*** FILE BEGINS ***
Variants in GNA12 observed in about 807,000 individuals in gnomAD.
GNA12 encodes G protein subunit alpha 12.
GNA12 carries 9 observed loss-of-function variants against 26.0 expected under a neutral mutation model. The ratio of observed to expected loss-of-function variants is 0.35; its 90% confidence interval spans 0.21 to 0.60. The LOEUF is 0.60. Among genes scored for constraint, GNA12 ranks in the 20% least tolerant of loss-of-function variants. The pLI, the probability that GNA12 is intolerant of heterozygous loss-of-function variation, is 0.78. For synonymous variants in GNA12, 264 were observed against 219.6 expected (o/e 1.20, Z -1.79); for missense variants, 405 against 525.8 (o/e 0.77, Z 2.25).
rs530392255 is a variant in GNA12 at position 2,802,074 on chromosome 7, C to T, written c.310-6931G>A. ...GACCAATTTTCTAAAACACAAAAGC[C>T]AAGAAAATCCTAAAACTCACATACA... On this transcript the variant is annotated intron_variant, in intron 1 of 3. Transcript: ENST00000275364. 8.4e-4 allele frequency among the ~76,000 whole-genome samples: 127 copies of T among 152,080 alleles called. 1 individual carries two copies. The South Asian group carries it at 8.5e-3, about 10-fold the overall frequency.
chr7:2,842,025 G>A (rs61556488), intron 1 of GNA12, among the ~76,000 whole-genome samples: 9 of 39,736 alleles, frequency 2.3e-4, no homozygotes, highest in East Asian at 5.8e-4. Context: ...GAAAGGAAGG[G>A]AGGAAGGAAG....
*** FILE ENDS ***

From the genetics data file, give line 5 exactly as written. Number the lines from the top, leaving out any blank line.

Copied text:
chr7:2,842,025 G>A (rs61556488), intron 1 of GNA12, among the ~76,000 whole-genome samples: 9 of 39,736 alleles, frequency 2.3e-4, no homozygotes, highest in East Asian at 5.8e-4. Context: ...GAAAGGAAGG[G>A]AGGAAGGAAG....